When your marketing efforts focus on building a relationship, trust, and even partnership with your customers, your organization stands to benefit more than by just seeking the quick scale. Even non-customers can be referrers and recommenders, and as companies grow, a single individual can have a customer, partner, and a competitor relationship with the same organization.

Are you living in marketing’s past?

So if marketing today is more about the customer journey, building relationships and even co-creation, then it becomes even more important to build understanding and trust. The power of the story, the power of experience, and the role of content in this new world become increasingly important in capturing and holding people’s attention. You’ll notice that I said people not customers or prospects, and their is an important reason underlying it.

Because of our increasingly interconnected and always on world, where Yelp has grown to become a more powerful engine of influence than neighbors and co-workers, it’s getting harder to tell who is an influencer and must tell a consistent story not just to prospects, but to all people. And in a world where algorithms determine whether you even appear in the places your potential customers trust, having the right content in the right places, at the right time, so that people (not just prospects) can find it at the various stops along the often long, meandering non-customer to prospective customer evolutionary path.

Embracing an expanded marketing focus on non-customers may be hard for some marketers, but others will see the importance of it in growing and maintaining the long-term health of the organization’s sales pipeline and brand equity.

How do you grow new customers?

Well, by growing the level of comfort and trust that people have in your organization and its employees. There are many ways to do this, but they require a strategy that first seeks to understand the typical paths that people take from non-customer to customer. A lot of people talk about trying to loyalize customers, or turning customers into advocates, and while that may sound logical, there is a flaw in that thinking. The flaw is that people can be influencers and advocates for your products and services before they become a customer (or who may never become a customer) if you’re doing a good job with your people-centric marketing.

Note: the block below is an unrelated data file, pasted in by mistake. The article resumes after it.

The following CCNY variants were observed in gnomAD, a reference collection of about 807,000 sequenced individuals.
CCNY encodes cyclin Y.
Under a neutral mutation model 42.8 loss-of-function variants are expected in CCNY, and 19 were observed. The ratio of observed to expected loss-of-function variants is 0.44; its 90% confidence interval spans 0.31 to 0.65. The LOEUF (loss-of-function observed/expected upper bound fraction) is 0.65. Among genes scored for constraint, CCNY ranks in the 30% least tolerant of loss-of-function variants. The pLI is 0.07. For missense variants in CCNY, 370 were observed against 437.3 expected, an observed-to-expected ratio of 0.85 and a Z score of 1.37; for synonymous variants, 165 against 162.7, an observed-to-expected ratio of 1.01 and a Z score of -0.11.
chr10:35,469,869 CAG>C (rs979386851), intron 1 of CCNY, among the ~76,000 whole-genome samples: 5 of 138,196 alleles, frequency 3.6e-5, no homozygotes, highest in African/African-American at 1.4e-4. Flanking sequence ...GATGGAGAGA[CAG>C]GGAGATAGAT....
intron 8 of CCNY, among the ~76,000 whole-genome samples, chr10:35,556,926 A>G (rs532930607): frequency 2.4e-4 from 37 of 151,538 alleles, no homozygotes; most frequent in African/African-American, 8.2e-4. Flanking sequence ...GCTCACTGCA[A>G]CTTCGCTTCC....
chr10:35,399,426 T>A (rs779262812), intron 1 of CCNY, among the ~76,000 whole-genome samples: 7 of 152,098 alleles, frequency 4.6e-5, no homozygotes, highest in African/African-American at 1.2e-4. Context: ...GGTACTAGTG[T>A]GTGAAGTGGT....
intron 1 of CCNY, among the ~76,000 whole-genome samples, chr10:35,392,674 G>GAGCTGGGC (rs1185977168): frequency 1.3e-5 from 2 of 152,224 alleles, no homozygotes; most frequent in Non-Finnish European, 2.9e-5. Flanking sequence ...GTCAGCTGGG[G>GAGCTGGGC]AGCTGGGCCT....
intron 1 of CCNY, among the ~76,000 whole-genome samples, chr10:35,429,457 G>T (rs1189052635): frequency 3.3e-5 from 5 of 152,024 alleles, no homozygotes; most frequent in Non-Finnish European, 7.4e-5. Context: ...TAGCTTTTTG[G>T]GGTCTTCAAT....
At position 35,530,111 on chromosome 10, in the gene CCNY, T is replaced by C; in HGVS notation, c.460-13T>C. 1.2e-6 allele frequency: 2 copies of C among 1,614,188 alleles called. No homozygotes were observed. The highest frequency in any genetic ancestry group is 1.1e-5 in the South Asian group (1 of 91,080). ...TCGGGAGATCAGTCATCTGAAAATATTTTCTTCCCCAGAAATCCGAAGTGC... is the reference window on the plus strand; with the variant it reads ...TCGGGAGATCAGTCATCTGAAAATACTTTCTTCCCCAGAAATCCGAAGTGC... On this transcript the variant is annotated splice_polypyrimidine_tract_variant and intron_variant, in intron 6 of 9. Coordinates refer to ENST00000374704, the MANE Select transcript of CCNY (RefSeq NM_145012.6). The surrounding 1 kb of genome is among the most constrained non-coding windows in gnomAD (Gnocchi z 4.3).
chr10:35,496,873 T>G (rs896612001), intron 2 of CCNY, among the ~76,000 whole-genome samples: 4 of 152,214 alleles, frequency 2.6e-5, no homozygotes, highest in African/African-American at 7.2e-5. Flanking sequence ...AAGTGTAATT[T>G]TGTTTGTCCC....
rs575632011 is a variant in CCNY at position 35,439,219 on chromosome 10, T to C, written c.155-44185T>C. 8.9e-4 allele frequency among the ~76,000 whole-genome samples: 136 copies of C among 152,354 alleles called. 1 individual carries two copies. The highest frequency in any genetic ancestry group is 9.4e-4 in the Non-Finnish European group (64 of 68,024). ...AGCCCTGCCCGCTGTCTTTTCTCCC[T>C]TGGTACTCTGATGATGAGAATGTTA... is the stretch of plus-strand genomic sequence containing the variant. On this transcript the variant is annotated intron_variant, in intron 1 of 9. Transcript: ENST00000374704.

When you better understand the journeys people take from non-customer to customer you can better understand what parts of the story to tell when and where. And often as you shift from a lead-generation, prospect-driven marketing focus to a people-centric one, you will start to see that in order to build the comfort and the trust and the excitement, that it will be more about barriers than benefits, more about problems than solutions.

As marketers we love to talk about benefits and solutions, but where we really need to focus is problems and barriers. Where is the friction? Where is the confusion? What are the chasms to be crossed? What are the pitfalls to be avoided?

When we start to understand these things, we will start to understand the stories and the content that need to be told and created in order to provide the jet pack to accelerate an individual from one level of comfort, trust, and purchase readiness to the next. The better we grasp what people are seeking to understand in order to evolve their level of comfort and trust, the better we can do at shaping our messages and our strategy to meet people where they are.

Who’s your thought leader?